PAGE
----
ACUTE STATIC STRETCHING DOES NOT IMPAIR PLANTAR FLEXION
Cannavan, D., Coleman, D. R., & Blazevich, A. J. (2009). Acute effects of static stretching on plantar-flexor moment and tendon stiffness. ACSM 56th Annual Meeting, Seattle, Washington. Presentation number 783.
"Static stretching prior to exercise and/or athletic performance has been found to impair muscular performance. Several investigators have implicated alterations in tendon stiffness, and subsequent alterations of force-length properties, to be a major contributor to this force loss. However, there is limited data examining this issue." This study examined the effects of an acute, moderate duration bout of static stretching on peak active and passive ankle joint moment, neuromuscular activity (EMG), and gastrocnemius tendon stiffness. The study also explored gender-dependent differences in peak moment and tendon stiffness. Recreationally active men and women (N = 30) completed both a general and task-specific warm-up. Passive joint moment, maximal voluntary isometric moment (i.e., MVC corrected for co-activation), and peak EMG amplitude were measured before and after four 45-second stretches taken to the S's tolerable limit. Changes were compared to those recorded in a time-matched control period of no stretching.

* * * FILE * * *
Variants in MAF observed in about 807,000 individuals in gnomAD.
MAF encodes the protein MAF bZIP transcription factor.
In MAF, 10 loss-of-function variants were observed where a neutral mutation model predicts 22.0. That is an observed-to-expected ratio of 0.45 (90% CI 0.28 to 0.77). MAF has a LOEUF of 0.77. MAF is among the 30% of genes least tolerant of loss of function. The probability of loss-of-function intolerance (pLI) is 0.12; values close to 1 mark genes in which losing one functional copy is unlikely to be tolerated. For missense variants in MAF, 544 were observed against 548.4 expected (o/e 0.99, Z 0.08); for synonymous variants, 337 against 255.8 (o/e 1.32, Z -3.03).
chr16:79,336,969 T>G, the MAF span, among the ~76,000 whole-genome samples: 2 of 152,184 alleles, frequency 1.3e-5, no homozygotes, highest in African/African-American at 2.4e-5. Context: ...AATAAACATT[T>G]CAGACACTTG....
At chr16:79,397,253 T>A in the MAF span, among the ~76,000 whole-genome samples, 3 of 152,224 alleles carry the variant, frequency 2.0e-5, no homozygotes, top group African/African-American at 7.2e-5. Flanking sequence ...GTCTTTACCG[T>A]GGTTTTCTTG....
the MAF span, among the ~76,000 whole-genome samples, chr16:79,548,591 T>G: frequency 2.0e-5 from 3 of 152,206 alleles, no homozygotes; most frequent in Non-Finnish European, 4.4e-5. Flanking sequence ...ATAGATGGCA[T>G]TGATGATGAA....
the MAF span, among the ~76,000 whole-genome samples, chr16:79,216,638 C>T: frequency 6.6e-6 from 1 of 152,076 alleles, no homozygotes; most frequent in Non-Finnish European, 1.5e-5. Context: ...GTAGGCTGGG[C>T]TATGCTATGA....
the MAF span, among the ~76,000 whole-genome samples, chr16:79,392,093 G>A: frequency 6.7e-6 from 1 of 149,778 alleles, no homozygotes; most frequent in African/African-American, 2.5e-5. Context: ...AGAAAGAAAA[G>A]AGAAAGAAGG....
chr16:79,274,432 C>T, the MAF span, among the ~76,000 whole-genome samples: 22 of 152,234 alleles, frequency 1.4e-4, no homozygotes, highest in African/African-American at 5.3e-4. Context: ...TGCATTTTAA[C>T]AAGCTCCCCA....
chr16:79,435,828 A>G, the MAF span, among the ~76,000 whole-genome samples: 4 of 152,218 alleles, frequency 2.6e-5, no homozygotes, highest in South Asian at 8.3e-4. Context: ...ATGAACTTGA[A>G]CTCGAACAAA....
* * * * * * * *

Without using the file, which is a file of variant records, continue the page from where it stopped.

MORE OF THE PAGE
Despite a significant stress-relaxation response during the stretching, there were no significant deviations in maximal voluntary isometric moment, peak EMG amplitude in agonist and antagonist muscles, passive moment, or gastrocnemius tendon stiffness after the acute stretching. The response to stretching was similar in both men and women.
Implication. An acute bout of static stretching consisting of four 45-second stretches does not impair the plantar-flexors' ability to generate force or affect gastrocnemius' tendon stiffness in either men or women.
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